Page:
Gateway House offers internships for graduate students or graduates, proficient in English, pursuing a career in international relations or a related field. Interns will be assigned to Editorial & Content, Operations, or Research Departments and work on various projects to support the institution.

Gateway House Internship Programme

Due to the large volume of applications, only those applicants who are shortlisted will be contacted for an interview.

Minimum Requirements:

• Should be pursuing a Masters degree or must have finished the 4th year in a 5 year degree (12+4) in a relevant field
• Minimum duration of 90 days, with possibility of extension
• Must be willing to work in Mumbai

Please submit a Curriculum Vitae along with a covering letter indicating your interest in Gateway House and motivations for working with us, to Please include the name of the position in the subject of your email.


Internship Testimonials

“Gateway House stands at the crossroads of business and policy, providing a platform for a freshly minted graduate to learn about diverse fields. Being an intern with the Meetings and Membership Department exposed me to Mumbai’s business and foreign policy intelligentsia and to learn how to think about how they intersect. Meetings are centred around themes across all the focus areas of the organisation. I was part of a team that organised over 30 meetings during my time there, which included round-tables, and closed and public policy discussions. Such events enabled me to greatly increase my knowledge and hone my communication skills. Creating international policy trip agendas also facilitated an intensified understanding of regions that I was previously unfamiliar with.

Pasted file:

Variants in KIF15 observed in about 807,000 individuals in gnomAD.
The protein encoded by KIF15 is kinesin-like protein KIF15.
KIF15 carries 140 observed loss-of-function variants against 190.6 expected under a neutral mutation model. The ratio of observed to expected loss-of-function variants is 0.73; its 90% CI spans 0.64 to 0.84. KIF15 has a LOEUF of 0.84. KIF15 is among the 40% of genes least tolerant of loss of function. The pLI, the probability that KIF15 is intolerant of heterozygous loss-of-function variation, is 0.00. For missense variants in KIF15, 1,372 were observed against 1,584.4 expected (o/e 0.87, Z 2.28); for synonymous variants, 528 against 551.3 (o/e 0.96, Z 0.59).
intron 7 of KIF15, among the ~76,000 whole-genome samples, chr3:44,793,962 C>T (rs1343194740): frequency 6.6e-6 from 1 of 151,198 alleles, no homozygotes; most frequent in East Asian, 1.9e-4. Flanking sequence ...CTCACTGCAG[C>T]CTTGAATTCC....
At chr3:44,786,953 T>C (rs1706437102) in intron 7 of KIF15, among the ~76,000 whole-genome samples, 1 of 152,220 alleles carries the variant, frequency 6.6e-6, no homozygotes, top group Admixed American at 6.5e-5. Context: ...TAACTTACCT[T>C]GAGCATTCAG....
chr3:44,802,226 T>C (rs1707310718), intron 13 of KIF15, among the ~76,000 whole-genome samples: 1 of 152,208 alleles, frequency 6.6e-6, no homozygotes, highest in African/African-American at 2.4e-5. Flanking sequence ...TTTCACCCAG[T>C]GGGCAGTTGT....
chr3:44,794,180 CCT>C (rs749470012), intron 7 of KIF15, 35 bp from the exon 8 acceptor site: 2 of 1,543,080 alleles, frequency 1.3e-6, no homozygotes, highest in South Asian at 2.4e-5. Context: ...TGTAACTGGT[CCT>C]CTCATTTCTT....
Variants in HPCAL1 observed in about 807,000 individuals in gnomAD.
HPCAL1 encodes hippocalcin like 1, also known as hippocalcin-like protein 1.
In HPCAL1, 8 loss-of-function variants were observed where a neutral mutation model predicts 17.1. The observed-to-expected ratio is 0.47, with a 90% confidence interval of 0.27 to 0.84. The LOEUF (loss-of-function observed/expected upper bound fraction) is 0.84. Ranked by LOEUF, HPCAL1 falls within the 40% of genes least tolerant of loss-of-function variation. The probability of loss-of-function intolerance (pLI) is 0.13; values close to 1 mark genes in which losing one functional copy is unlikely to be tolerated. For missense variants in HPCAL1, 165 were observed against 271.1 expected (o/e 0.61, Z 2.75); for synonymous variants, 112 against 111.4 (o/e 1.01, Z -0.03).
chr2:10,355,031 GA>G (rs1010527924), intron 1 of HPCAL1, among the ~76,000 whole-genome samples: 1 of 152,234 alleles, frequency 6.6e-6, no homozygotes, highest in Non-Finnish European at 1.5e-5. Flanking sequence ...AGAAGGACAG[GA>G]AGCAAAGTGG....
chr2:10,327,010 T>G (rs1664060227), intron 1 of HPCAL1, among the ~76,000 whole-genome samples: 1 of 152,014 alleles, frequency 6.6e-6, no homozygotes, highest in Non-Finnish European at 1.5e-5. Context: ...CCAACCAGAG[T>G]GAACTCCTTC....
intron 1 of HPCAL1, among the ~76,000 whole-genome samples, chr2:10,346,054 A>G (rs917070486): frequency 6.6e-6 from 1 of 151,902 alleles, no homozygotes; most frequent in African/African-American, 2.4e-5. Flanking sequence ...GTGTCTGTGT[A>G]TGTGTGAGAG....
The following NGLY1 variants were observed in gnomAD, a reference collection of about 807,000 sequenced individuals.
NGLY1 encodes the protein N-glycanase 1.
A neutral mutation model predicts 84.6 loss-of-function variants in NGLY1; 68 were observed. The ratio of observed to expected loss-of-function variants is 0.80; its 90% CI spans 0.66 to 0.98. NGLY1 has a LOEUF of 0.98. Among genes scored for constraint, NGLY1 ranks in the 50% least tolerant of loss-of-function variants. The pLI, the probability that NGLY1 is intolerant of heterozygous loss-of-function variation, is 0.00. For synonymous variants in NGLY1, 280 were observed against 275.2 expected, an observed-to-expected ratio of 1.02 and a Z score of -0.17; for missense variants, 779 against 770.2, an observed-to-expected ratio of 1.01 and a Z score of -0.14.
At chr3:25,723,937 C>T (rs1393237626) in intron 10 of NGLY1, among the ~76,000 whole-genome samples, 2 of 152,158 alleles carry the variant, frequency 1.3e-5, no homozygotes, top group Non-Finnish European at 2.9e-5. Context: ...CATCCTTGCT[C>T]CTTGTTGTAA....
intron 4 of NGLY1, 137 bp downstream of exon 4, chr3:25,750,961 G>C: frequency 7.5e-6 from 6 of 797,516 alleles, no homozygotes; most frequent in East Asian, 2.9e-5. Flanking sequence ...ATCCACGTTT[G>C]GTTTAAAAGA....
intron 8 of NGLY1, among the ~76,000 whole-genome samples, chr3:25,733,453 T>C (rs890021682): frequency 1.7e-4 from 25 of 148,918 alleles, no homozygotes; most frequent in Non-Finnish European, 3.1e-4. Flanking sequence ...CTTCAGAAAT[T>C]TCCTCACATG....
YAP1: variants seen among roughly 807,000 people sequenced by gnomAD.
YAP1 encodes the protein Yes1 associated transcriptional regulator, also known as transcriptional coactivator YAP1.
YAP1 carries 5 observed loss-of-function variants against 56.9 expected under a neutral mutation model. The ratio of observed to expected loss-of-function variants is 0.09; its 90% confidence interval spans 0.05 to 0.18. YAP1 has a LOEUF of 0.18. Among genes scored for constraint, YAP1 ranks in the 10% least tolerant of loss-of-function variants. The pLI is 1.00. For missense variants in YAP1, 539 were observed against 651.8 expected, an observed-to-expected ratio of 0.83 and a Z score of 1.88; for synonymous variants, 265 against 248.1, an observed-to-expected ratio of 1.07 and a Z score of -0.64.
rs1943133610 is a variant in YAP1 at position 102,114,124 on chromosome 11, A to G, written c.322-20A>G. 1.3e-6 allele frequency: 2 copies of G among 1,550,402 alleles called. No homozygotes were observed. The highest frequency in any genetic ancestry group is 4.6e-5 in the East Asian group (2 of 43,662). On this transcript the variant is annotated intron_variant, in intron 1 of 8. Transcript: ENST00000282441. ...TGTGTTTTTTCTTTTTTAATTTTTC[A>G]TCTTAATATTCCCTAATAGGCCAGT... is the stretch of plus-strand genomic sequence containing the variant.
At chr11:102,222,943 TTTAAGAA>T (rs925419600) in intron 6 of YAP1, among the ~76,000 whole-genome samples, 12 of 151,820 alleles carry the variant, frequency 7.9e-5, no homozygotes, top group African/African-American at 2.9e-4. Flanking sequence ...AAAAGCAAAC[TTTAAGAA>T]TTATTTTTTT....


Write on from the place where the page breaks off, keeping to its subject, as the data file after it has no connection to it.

Gateway House receives important visitors, including leading scholars from reputed institutions based all over the world. To interact with them is ideal training ground for a young professional seeking a career in IR.”

– Sanna Bedi, 2014
Master’s Candidate, Fletcher School of Law and Diplomacy, Tufts University (2018)
Currently: Gender Initiative Fellow at TechnoServe

“I spent around three months at Gateway House as a research intern part way through my graduate studies. My personal and academic experience mostly concerned East Asia, North America and Western Europe, which can give one quite a blinkered view of foreign affairs. (Focus on the China-U.S. relationship is an example). Living and working in India, and for Gateway House, helped me acquire a new perspective. I learnt as much from my three months in India as I did from my classes back at graduate school. I developed ideas from my time at Gateway House that I continue to rely upon and refine today.

Gateway House also trusted me to lead a real research project during my time there: researching and mapping illegal financial flows into India. This was important work experience I could point to when applying for jobs after finishing my studies.”

– Nicholas Gordon, 2014
MPhil, International Relations, Oxford University (2015)
Currently: Researcher at Global Institute For Tomorrow, Hong Kong

“I came to Gateway House as a fresh graduate, looking to gain some research and data collection skills – which is distinct from academic research. The internship experience at Gateway House helped me step ‘into’ the think tank and foreign policy world and learn the office skills necessary to perform the administrative tasks given to me since leaving Gateway House.